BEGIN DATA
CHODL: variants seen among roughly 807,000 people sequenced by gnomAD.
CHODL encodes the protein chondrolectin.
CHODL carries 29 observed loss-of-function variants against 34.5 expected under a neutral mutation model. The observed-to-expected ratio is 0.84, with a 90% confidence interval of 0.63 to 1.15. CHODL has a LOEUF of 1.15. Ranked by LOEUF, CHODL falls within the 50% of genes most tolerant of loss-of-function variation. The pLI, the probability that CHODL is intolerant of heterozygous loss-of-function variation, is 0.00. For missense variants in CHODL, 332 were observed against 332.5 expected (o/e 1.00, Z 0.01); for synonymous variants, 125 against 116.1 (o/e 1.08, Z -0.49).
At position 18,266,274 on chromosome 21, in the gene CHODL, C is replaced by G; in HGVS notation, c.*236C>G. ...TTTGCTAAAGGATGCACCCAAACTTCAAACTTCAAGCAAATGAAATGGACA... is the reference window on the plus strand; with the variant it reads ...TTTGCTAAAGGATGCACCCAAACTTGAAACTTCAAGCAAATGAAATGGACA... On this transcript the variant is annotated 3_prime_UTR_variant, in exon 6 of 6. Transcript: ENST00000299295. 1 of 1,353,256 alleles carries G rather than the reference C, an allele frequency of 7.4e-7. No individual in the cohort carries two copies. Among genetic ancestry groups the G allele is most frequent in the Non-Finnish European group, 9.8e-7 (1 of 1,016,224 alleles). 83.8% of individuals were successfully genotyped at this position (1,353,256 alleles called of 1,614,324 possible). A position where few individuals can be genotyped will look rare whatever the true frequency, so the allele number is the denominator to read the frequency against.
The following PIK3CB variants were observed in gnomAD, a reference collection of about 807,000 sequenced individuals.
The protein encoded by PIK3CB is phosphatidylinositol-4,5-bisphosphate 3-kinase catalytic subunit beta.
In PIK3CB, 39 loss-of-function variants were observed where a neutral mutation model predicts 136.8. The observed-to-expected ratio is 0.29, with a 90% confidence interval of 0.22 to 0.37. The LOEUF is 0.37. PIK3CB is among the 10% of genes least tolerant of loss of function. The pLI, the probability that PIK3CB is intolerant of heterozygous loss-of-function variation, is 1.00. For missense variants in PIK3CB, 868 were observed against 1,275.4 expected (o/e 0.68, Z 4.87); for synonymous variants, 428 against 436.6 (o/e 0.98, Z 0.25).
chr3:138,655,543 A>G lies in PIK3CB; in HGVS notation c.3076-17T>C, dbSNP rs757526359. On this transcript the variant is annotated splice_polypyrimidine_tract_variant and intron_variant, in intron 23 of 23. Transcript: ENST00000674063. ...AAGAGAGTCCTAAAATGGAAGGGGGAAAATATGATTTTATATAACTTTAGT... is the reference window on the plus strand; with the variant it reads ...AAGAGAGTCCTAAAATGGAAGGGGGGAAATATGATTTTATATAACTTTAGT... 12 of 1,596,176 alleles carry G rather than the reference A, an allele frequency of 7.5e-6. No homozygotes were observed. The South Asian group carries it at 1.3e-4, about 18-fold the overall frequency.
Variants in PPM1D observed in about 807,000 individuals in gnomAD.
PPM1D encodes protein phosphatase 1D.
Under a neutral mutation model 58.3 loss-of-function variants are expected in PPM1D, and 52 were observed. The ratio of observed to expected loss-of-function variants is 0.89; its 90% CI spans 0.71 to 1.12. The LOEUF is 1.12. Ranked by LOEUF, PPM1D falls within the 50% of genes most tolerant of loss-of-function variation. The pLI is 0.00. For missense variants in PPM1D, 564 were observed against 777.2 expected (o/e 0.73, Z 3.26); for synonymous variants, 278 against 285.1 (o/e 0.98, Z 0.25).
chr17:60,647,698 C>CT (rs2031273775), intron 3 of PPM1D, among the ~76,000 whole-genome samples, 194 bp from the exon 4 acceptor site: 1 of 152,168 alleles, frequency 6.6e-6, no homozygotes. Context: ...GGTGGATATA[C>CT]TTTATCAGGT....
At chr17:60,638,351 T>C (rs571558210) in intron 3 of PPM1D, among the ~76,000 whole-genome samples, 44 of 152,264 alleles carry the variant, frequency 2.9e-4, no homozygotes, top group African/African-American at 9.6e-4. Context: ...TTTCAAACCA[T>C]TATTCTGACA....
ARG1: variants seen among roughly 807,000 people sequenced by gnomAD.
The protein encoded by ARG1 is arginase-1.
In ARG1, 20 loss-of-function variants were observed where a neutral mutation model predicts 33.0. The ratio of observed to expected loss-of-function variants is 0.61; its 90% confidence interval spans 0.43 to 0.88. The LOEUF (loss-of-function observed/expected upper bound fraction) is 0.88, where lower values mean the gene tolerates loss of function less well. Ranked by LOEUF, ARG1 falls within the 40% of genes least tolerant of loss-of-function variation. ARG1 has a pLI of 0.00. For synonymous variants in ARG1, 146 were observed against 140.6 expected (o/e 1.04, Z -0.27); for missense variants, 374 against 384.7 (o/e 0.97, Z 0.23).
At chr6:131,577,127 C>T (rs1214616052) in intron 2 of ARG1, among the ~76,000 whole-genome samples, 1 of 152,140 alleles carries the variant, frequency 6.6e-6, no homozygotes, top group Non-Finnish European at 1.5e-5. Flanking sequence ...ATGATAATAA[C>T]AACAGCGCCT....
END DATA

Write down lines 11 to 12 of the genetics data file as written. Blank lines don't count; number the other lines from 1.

Under a neutral mutation model 58.3 loss-of-function variants are expected in PPM1D, and 52 were observed. The ratio of observed to expected loss-of-function variants is 0.89; its 90% CI spans 0.71 to 1.12. The LOEUF is 1.12. Ranked by LOEUF, PPM1D falls within the 50% of genes most tolerant of loss-of-function variation. The pLI is 0.00. For missense variants in PPM1D, 564 were observed against 777.2 expected (o/e 0.73, Z 3.26); for synonymous variants, 278 against 285.1 (o/e 0.98, Z 0.25).
chr17:60,647,698 C>CT (rs2031273775), intron 3 of PPM1D, among the ~76,000 whole-genome samples, 194 bp from the exon 4 acceptor site: 1 of 152,168 alleles, frequency 6.6e-6, no homozygotes. Context: ...GGTGGATATA[C>CT]TTTATCAGGT....